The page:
min-width: 800px;
        max-width: 900px;
    }
    .photo-album .polaroid {
        position: absolute;
    }
    .photo-album h1 {
        position: absolute;
        z-index: 5;
        top: 150px;
        text-align: center;
        width: 100%;
        line-height: 1.9;
    }
    .photo-album h1 span {
        background-color: white;
        font-family: "Helvetica Neue",Arial,Helvetica,sans-serif;
        padding: 0.4em 0.8em 0.3em 0.8em;
        -webkit-box-shadow: 2px 2px 4px rgba(0,0, 0, 0.3);
        -moz-box-shadow: 2px 2px 4px rgba(0,0, 0, 0.3);
        box-shadow: 2px 2px 4px rgba(0,0, 0, 0.3);
        border: 1px solid #6A6A6A;
    }
    .photo-album .small {
        width: 75px;
        padding: 6px 6px 12px 6px;
        font-size: 0.6em;
    }
    .photo-album .small img {
        width: 75px;
        height: 75px;
    }
    .photo-album .medium {
        width: 200px;
        padding: 13px 13px 26px 13px;
        font-size: 0.8em;
    }
    .photo-album .medium img {
        width: 200px;
        height: 200px;
    }
    .photo-album .large {
        width: 300px;
        padding: 20px 20px 30px 20px;
        font-size: 1em;
    }
    .photo-album .large img {
        width: 300px;
        height: 300px;
    }
    .photo-album .img1 {
        bottom: 10px;
        right: 365px;
        -webkit-transform: rotate(10deg);
        -moz-transform: rotate(10deg);
        transform: rotate(10deg);
    }
    .photo-album .img2 {
        top: 50px;
        right: 20px;
        -webkit-transform: rotate(-4deg);
        -moz-transform: rotate(-4deg);
        transform: rotate(-4deg);
    }
    .photo-album .img3 {
        left: 400px;
        top: 0;
        -webkit-transform: rotate(-5deg);
        -moz-transform: rotate(-5deg);
        transform: rotate(-5deg);
    }
    .photo-album .img4 {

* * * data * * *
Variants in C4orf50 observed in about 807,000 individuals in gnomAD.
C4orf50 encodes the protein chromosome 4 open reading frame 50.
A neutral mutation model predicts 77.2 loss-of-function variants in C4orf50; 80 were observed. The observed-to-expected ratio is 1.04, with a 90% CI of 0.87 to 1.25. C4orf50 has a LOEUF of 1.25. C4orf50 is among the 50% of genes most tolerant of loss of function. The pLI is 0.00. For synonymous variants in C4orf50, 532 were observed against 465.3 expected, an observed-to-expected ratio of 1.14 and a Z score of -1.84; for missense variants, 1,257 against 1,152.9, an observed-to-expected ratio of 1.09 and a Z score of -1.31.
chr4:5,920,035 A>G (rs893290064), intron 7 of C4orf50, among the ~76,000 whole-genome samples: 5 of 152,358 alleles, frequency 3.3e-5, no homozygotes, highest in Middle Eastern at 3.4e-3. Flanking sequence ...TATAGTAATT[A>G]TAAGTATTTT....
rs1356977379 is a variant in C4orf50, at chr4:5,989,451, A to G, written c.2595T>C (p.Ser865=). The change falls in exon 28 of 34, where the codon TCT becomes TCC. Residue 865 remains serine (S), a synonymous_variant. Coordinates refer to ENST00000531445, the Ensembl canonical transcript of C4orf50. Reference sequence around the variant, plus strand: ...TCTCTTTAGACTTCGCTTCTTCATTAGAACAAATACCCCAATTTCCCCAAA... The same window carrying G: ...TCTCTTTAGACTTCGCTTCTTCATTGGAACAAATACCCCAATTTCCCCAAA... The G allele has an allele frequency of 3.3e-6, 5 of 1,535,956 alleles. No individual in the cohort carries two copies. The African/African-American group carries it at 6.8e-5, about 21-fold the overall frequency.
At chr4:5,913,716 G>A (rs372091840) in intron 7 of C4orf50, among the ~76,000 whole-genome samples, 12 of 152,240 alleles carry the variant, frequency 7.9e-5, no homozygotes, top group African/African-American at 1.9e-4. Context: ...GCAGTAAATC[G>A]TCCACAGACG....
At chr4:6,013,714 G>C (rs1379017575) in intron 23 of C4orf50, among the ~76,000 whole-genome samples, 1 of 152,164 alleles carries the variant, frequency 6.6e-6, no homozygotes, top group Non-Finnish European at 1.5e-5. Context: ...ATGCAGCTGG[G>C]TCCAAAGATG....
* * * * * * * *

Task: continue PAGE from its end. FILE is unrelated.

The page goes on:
top: 10px;
        left: 495px;
        -webkit-transform: rotate(-20deg);
        -moz-transform: rotate(-20deg);
        transform: rotate(-20deg);
    }
    .photo-album .img5 {
        bottom: 0;
        right: 0;
        -webkit-transform: rotate(1deg);
        -moz-transform: rotate(1deg);
        transform: rotate(1deg);
    }
    .photo-album .img6 {
        bottom: 10px;
        right: 156px;
        -webkit-transform: rotate(6deg);
        -moz-transform: rotate(6deg);
        transform: rotate(6deg);
    }
    .photo-album .img7 {
        bottom:0;
        left:400px;
        -webkit-transform: rotate(-10deg);
        -moz-transform: rotate(-10deg);
        transform: rotate(-10deg);
    }
    .photo-album .img8 {
        bottom: -20px;
        left: 700px;
        -webkit-transform: rotate(-8deg);
        -moz-transform: rotate(-8deg);
        transform: rotate(-8deg);
    }
    .photo-album .img9 {
        bottom: 0;
        left: 0;
        -webkit-transform: rotate(-8deg);
        -moz-transform: rotate(-8deg);
        transform: rotate(-8deg);
    }
    .photo-album .img10 {
        top: 0;
        left: 20px;
        -webkit-transform: rotate(8deg);
        -moz-transform: rotate(8deg);
        transform: rotate(8deg);
    }

    a:hover,
    a:focus {
        z-index: 5;
    }

    </style>

    <div>

        <h1><span>Contacts of {!account.name}</span></h1>

        <apex:variable var="count" value="{!1}"/>
        <apex:repeat value="{!allContacts}" var="c">

        <apex:outputLink value="/{!c.id}" styleClass="medium polaroid img{!Round(count,0)}"
         target="_blank"><img src="{!c.Image_URL__C}" alt="{!c.Name}" />{!c.Name}</apex:outputLink>

        <apex:variable var="count" value="{!count + 1}"/>
        </apex:repeat>

    </div>

</apex:page>

Ok, all the hard stuff is done. All that is left is to add a custom button to our Account Details, and point it to the Visualforce page:


That’s it. Load this into your Salesforce org, and you are good to go!